Introducing Art from Various Parts of Southeast Asia in the 1980’s

New York, N.Y.  When I recall the work I did as an international professional impresario, I think it was an honor to bring the arts from all over Southeast Asia and China to the United States.

Korea-Andong-Hahoe_Folk_Village-Thai_dancer-01Khon, Thai classical dance. Photo: Wikipedia.

Named Dance Representing Thai Art

I brought Thai dance to America. There is no doubt that the dance is representative of Thai art, but at that time not only was dance was not named, but the country did not even protect the dance or provide it a theater. I found this dance in a restaurant. Luckily, this restaurant did a wonderful job; the performance was so good I wanted to go see again. So I called out to everyone dancing there and invited them to perform with the name “Phakavali Dancers” (Pakabari Dancers). I think this was about 1970. The dance spread after that with the name I had given, and now when you search for this name, you will find lots of videos, websites and so on. At the time I found this dance, gave it a name and brought it to performance, and I think it was a pleasure to spread the dance to the world.

maxresdefault (1)Malaysian shadow puppets are known as “Wayang Kulit.”
Photo: Wikipedia.

Shadow Art from Malaysia

From Malaysia, I brought a shadow puppets. What kind of art represents each country? Which art would be most interesting to bring to the United States? I always thought Malaysia is the most important artistic group. Its performing art shows  movements of dolls passed through a stick in shadows, known as “Wayang Kulit.”

It is an art spread not only in Malaysia but also in Indonesia, and dolls are made of buffalo and goat skins, some of which are painted in color, some are finely and delicately made, and they look like watermarks. Some were dug. It seems to have been from the traditional one based on mythology and religion to the one using modern topics

This Malaysian shadow puppet show is not done in a large theater, but rather is mad for small gathering places. Even if you try to do your best in a large venue, it is felt that the venue should be for 100 to 200 people at best.

In the 1960’s there was no way to make a big projection on the screen, so it was a small show, but this was fine.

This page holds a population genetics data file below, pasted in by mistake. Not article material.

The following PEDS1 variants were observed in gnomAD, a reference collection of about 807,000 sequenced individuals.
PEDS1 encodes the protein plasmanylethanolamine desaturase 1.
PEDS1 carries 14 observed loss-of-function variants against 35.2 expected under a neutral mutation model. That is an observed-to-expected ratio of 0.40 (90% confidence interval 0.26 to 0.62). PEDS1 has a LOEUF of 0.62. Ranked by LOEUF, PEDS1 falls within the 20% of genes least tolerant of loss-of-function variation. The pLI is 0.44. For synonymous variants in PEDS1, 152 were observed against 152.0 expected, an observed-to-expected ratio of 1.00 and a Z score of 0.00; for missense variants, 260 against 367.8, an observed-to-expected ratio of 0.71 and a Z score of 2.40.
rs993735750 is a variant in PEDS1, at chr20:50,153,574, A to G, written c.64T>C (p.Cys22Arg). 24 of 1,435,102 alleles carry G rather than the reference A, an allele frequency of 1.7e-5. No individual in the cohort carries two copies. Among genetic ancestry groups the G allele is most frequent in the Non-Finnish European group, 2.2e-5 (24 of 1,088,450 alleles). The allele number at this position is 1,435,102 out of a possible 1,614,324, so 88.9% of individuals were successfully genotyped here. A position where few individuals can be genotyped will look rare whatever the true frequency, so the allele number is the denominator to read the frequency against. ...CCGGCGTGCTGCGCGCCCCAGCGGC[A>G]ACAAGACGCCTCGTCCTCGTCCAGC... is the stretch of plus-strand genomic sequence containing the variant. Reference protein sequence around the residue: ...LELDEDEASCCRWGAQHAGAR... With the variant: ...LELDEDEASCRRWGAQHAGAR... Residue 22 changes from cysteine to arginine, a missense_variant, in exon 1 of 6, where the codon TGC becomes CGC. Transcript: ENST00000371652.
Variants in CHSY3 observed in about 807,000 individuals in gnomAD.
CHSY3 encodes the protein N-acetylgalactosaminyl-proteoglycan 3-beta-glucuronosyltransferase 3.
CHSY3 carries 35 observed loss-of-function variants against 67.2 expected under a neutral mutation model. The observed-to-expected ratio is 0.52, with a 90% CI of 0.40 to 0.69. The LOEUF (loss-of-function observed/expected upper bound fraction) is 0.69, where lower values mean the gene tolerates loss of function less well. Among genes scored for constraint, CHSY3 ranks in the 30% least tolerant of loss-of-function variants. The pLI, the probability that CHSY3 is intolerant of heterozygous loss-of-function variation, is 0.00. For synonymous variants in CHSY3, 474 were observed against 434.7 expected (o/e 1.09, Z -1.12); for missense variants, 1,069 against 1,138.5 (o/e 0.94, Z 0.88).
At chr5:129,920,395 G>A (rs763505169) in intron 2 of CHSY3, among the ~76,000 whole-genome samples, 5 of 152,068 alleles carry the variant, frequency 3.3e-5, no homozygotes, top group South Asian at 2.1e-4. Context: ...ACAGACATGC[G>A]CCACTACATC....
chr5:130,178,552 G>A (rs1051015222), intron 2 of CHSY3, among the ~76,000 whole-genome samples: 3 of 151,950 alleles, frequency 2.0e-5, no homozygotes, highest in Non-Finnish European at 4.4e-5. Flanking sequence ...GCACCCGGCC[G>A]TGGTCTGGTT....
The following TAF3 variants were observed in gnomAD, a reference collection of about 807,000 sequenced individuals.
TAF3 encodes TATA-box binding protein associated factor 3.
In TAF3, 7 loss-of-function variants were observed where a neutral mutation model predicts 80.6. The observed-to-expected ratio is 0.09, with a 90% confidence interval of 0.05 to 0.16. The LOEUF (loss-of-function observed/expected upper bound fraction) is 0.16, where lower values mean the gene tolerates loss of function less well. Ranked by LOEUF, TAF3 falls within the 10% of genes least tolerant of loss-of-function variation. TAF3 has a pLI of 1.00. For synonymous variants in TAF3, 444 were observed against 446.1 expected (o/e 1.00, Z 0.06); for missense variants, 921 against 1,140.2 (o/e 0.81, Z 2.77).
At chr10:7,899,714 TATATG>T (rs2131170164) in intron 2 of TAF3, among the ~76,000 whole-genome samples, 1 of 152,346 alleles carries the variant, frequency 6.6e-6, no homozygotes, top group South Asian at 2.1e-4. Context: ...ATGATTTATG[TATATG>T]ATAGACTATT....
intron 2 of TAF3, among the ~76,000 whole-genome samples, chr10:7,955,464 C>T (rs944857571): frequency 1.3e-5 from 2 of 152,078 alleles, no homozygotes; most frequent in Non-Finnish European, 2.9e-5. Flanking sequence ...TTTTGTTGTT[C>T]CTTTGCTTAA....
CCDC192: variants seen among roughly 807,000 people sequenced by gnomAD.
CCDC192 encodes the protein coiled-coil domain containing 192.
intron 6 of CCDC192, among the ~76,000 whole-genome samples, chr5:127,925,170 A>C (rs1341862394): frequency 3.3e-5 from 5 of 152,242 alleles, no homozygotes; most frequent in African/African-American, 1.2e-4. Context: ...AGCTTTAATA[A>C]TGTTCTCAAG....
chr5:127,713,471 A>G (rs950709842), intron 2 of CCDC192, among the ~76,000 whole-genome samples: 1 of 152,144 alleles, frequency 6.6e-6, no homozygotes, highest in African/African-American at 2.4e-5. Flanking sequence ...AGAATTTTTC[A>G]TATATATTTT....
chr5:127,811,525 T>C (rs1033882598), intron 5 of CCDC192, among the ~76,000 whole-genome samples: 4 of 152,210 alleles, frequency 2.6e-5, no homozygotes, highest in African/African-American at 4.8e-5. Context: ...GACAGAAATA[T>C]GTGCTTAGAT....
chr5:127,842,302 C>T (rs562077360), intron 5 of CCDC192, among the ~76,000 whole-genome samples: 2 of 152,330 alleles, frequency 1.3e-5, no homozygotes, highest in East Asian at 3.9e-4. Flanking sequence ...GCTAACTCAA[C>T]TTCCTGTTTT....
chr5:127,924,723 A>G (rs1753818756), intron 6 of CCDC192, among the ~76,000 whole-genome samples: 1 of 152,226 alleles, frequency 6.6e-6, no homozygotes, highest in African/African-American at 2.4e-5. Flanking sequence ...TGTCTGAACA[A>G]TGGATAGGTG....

South Korea

It seems that South Korea has been leading culture protection from the country since then at a country-led initiative. In Korea, there is a traditional music group named “Ah-Ahk” that has been played and sung during festivals in the court, and in this “Ah-Ahk” performance, a show by Korean drums Also brought together. I always checked the history of the country first. When I was interested in history, I always went to visit locals without worrying about details, as I always knew what kind of art there was. At that time, it was a time when people could not even know the art of each country even if they listened to people, so it was best to go there

The reason I brought a lot of art was that there were still budgets at various universities in the United States. The university, which had about 3000 places, played a role like a cultural center in that area. Each university formed a series to introduce art and had a budget, so why not enter it? And I was going to sell to each school. In general public places, the university does not understand or pays well, but since the university performed performances such as orchestras, plays, ballets, ethnic studies, etc. six times a year, everyone wanted a funny program in the competition It was Now that the budget is running out, I was doing this job at a good time.

Originally published as Vol. 67 in Weekly Biz, April 13, 2019; translated by Jim Luce.

See: Dr. Kazuko Hillyer Tatsumura Column in Japan’s Weekly Biz

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About Dr. Kazuko Hillyer Tatsumura

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Dr. Kazuko Hillyer Tatsumura
Dr. Kazuko was born into a distinguished old family in Kyoto, Japan, and graduated from Toho conservatory of Music in Tokyo. In 1961 she came to U.S. as a pianist sponsored by the Boston Symphony. She studied at Boston University, New York University, and received her Ph.D. in Oriental Medicine from New York State University and the International Academy of Education in Tokyo. From 1968 to 1992, she promoted cultural exchanges from East to West and vice versa, and became a world famous impresario, producing 2,000 events each year all over the world encompassing over 140 countries. In this connection, in 1972, she went to Dharamsala to find the lost Tibetan Folk Opera, and met His Holiness the Dalai Lama, with whom she remains a lifelong friend. In 1973 and 1991 she arranged and funded personally the tours of the Folk Opera of Tibet to the West. She has received many medals and honors from different countries. Her tireless life long work in Philanthropic field is vast and well known ranging from Save the Beacon Theater, Save the Boat People, Help the Homeless, natural disasters of earthquakes and tsunamis, as well as relief to AIDS and HIV positive children in Africa. She has been a dedicated Board Member to both the J. Luce Foundation and Orphans International for years. Her work focuses on the Tibetan people; Tibetan children remain especially strong in her heart. She raised fund for the new academic building for Manjushree Orphanage in Tawang, India and supported many aspects of the school. See HuffPo pieces entitled Japanese Holistic Healer in NYC to Build School for Tibetan Orphans in India, A Japanese Dinner with Raul Castro’s Daughter, and NYC Gala in Support of Tibetan Orphans Set for January.

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